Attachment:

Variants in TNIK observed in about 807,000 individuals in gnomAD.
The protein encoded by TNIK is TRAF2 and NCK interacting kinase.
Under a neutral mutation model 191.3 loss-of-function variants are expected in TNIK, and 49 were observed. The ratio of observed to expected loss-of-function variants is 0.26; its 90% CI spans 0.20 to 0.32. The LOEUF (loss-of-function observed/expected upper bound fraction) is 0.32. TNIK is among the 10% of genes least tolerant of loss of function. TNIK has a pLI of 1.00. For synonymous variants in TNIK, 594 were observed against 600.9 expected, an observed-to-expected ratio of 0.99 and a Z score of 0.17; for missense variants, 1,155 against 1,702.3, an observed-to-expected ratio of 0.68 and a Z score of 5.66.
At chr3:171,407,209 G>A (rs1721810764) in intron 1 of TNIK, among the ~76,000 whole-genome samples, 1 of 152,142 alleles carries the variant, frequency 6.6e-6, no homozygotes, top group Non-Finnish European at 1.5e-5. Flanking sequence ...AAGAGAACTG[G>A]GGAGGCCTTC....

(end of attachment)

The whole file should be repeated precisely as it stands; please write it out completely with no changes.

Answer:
Variants in TNIK observed in about 807,000 individuals in gnomAD.
The protein encoded by TNIK is TRAF2 and NCK interacting kinase.
Under a neutral mutation model 191.3 loss-of-function variants are expected in TNIK, and 49 were observed. The ratio of observed to expected loss-of-function variants is 0.26; its 90% CI spans 0.20 to 0.32. The LOEUF (loss-of-function observed/expected upper bound fraction) is 0.32. TNIK is among the 10% of genes least tolerant of loss of function. TNIK has a pLI of 1.00. For synonymous variants in TNIK, 594 were observed against 600.9 expected, an observed-to-expected ratio of 0.99 and a Z score of 0.17; for missense variants, 1,155 against 1,702.3, an observed-to-expected ratio of 0.68 and a Z score of 5.66.
At chr3:171,407,209 G>A (rs1721810764) in intron 1 of TNIK, among the ~76,000 whole-genome samples, 1 of 152,142 alleles carries the variant, frequency 6.6e-6, no homozygotes, top group Non-Finnish European at 1.5e-5. Flanking sequence ...AAGAGAACTG[G>A]GGAGGCCTTC....